The discovery by the University of Ulm researchers brings to light a serious privacy issue, and underlines the difficulty that many Android smartphone owners appear to face keeping their operating systems up-to-date.
According to the paper by Bastian Könings, Jens Nickels, and Florian Schaub, entitled “Catching AuthTokens in the Wild: The Insecurity of Google’s ClientLogin Protocol”, in Android 2.3.3 and earlier the Calendar and Contacts apps transmit information “in the clear” via HTTP, and retrieve an authentication token (authToken) from Google.
That means that there’s the potential for cybercriminals to eavesdrop on WiFi traffic and steal the authToken that your smartphone has just generated.
As authTokens can be used for several days for subsequent requests, hackers can exploit them to access what should be private services and data – such as your web-based calendar. Furthermore, it turns out that the generated authTokens are not linked to a particular phone, so they can be easily used to impersonate a handset.
The scenario is a real problem if you use an unencrypted WiFi hotspot (such as those commonly available in hotel lobbies, airports or at the coffee shop on the corner of your street), as someone could snoop on your authToken and abuse it.
According to the researchers, Google has fixed the problem in Android 2.3.4. But there’s the rub. Just how many people are still running older versions of the Android OS?
Approximately 99% of Android users are vulnerable, as they haven’t updated to at least version 2.3.4 (codenamed “Gingerbread”).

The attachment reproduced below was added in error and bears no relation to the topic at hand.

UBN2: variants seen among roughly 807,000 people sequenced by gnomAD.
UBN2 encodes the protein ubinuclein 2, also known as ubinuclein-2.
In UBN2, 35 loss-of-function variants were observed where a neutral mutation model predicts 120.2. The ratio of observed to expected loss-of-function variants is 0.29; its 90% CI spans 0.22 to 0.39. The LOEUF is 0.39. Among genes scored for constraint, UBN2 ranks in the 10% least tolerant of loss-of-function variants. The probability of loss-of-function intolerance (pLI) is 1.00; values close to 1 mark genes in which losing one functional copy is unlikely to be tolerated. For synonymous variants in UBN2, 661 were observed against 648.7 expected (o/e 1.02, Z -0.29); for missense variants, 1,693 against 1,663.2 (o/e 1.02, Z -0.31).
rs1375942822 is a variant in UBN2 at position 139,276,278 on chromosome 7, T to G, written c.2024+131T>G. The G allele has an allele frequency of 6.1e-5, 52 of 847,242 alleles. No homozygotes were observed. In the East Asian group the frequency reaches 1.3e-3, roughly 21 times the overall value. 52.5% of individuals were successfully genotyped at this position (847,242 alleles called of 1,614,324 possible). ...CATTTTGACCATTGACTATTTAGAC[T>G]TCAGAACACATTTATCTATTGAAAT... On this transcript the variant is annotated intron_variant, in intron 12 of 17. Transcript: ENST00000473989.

Unfortunately it’s not always possible to easily upgrade the version of Android running on your phone as you are very dependent on your mobile phone manufacturer and carrier providing the update to you over the air.
There is a huge range of Android smartphones out there, and whereas Apple can issue a single iOS update to patch iPhones and iPads, things aren’t so simple for Google’s users. This fragmentation inevitably leaves Android devices open to security problems.
Fortunately, Google seems to be aware of this pain, and says it will work more closely with manufacturers and carriers to ensure users can receive the latest Android updates in the future.
But what should you do if you’re a concerned Android owner?
My recommendation would be to upgrade to the latest version of Android if at all possible.
Furthermore, do not use open WiFi networks as your communications may not be properly protected. If you’re worried about this latest security issue you might be wise to connect to the internet via 3G from their smartphone rather than using unencrypted public WiFi connections.
Using 3G may eat into your data plan, but it’s far less likely that your communications are being snooped upon.
Update: Good news. Google has started rolling-out a fix for this vulnerability.